Powerful Winds Cause Serious Damage in NJ; Thousands Lose Power
Strong winds were gusting through New Jersey Monday, knocking out power for thousands and causing damage to structures.
Wind gusts of 82 MPH in the Lanoka Harbor section of Lacey Township, 74 MPH in Beach Haven and 73 MPH in Cape May were recorded by the National Weather Service.
The canopy of a Sunoco gas station at Tower Ave & Black Horse Pike in Egg Harbor Township collapsed.
As seen by photos and video posted to social media, the Wildwood boardwalk was damaged near Convention Hall. Wildwood police did not immediately return a message.
The Wildwood boardwalk is among those closed to visitors along the Jersey Shore, as communities try to adhere to social distancing amid the COVID-19 pandemic.
Wires also fell across Route 18 in East Brunswick between Feris Street and Tices Lane knocking out power to most of the township although Route 18 was reopened around 2 p.m. Fallen wires always fell onto Route 206 in Princeton.
"New Jersey is stuck in the middle between strong high pressure over the Atlantic Ocean and strong low pressure over the Great Lakes," according to WPG chief meteorologist Dan Zarrow.
As of 2:45 p.m. over 51,000 utility customers were without power:
• JCP&L: 18,053 customers mostly in Monmouth County (Manalapan, Marlboro), Morris County (Boonton) and Ocean County (Manchester)
• PSE&G: 6,216 mostly Hudson County (Jersey City), Bergen County (Fair Lawn and Englewood) & Middlesex County (East Brunswick)
• Atlantic City Electric: 27,075 mostly Atlantic County (Atlantic City, Brigantine, Galloway) and Cape May County (Ocean City and Wildwood)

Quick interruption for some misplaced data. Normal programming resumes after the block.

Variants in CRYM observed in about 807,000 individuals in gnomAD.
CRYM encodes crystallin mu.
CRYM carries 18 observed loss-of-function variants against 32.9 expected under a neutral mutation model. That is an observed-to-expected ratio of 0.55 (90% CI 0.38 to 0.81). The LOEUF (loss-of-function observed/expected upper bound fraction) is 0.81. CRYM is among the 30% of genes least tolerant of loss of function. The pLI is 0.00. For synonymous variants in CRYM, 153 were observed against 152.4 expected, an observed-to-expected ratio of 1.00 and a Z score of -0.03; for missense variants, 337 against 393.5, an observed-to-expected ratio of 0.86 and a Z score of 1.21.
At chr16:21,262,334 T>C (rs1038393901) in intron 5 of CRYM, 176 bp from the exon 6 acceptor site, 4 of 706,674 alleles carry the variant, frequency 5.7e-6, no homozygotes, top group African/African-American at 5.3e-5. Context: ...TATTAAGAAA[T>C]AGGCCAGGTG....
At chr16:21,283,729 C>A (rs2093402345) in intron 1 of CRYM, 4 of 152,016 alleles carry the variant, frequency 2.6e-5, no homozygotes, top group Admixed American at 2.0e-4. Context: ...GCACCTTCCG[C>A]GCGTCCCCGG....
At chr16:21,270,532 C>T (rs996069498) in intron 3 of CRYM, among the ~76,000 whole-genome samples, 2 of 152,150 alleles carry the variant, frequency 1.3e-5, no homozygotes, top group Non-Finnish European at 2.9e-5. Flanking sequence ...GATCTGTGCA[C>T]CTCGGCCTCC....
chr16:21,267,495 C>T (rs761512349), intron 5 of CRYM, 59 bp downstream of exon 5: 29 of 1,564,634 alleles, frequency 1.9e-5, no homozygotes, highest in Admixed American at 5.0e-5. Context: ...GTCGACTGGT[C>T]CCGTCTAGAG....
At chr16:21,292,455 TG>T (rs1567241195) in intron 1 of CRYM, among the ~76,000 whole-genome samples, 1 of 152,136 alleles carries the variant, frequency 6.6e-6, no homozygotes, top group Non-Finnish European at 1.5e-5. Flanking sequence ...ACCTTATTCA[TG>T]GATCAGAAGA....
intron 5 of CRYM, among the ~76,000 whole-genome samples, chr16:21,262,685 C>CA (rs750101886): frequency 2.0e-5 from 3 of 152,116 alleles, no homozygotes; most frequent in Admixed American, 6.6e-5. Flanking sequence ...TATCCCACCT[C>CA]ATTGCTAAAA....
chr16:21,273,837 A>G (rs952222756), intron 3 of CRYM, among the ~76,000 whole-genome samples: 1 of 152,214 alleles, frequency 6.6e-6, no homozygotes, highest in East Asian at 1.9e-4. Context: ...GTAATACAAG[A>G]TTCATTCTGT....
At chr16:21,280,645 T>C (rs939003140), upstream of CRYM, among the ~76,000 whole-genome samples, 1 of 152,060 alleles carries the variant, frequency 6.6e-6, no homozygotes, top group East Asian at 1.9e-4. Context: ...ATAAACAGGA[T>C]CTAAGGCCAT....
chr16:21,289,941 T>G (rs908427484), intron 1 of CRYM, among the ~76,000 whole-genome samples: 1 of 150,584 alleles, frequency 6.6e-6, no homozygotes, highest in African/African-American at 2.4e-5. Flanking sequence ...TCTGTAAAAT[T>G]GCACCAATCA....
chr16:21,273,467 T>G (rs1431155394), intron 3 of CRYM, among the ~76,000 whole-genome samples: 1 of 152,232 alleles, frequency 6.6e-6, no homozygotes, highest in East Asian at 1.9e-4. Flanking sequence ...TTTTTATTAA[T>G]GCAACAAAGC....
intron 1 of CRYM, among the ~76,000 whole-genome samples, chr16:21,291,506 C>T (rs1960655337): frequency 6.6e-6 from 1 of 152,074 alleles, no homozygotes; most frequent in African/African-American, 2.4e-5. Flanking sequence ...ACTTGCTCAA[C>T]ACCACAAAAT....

JCP&L's Cliff Cole said crews are out making repairs, but said the higher the wind gusts the more problems that "we have." He could not estimate when power would be restored for those off-line.
Cole could not provide an estimate as to when power would be restored for those off-line, as crews are prohibited from going up in utility bucket trucks in winds of over 40 mph. So, crews can only access some of the problem areas once the winds have calmed down.
Cole also said that the COVID-19 pandemic would not have an impact on the ability of crews mobilizing, although he added, steps have been taken to keep employees safe.
"The crews won't be inhibited by the fact we're going through this crisis and getting the lights back on as quickly and safely as we can," Cole said.
Atlantic City Electric on its Twitter account said "crews are working to restore service safely and efficiently to customers as severe storms and strong winds continue to move through our service area."
Chris Coleman contributed to this report
More from WPG Talk Radio: